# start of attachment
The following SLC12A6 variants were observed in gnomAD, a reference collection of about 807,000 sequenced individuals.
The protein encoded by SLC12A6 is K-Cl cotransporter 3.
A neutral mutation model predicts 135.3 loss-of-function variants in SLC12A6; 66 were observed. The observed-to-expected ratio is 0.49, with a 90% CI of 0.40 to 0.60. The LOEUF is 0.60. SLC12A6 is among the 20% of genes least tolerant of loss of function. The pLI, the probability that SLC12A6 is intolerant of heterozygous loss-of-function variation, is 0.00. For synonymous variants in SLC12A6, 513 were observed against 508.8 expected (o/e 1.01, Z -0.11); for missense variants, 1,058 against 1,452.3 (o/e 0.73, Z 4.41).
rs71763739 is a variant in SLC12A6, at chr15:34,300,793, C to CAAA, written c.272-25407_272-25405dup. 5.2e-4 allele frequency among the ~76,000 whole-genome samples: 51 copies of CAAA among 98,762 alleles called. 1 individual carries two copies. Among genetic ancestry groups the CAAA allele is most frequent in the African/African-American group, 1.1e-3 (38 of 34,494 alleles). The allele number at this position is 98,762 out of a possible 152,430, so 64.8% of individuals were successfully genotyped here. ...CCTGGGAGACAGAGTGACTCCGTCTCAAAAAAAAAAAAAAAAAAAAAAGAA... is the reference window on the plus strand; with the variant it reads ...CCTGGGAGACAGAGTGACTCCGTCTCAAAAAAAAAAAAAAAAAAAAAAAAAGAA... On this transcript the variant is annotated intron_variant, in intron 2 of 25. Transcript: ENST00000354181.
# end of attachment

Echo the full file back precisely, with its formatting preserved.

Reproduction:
The following SLC12A6 variants were observed in gnomAD, a reference collection of about 807,000 sequenced individuals.
The protein encoded by SLC12A6 is K-Cl cotransporter 3.
A neutral mutation model predicts 135.3 loss-of-function variants in SLC12A6; 66 were observed. The observed-to-expected ratio is 0.49, with a 90% CI of 0.40 to 0.60. The LOEUF is 0.60. SLC12A6 is among the 20% of genes least tolerant of loss of function. The pLI, the probability that SLC12A6 is intolerant of heterozygous loss-of-function variation, is 0.00. For synonymous variants in SLC12A6, 513 were observed against 508.8 expected (o/e 1.01, Z -0.11); for missense variants, 1,058 against 1,452.3 (o/e 0.73, Z 4.41).
rs71763739 is a variant in SLC12A6, at chr15:34,300,793, C to CAAA, written c.272-25407_272-25405dup. 5.2e-4 allele frequency among the ~76,000 whole-genome samples: 51 copies of CAAA among 98,762 alleles called. 1 individual carries two copies. Among genetic ancestry groups the CAAA allele is most frequent in the African/African-American group, 1.1e-3 (38 of 34,494 alleles). The allele number at this position is 98,762 out of a possible 152,430, so 64.8% of individuals were successfully genotyped here. ...CCTGGGAGACAGAGTGACTCCGTCTCAAAAAAAAAAAAAAAAAAAAAAGAA... is the reference window on the plus strand; with the variant it reads ...CCTGGGAGACAGAGTGACTCCGTCTCAAAAAAAAAAAAAAAAAAAAAAAAAGAA... On this transcript the variant is annotated intron_variant, in intron 2 of 25. Transcript: ENST00000354181.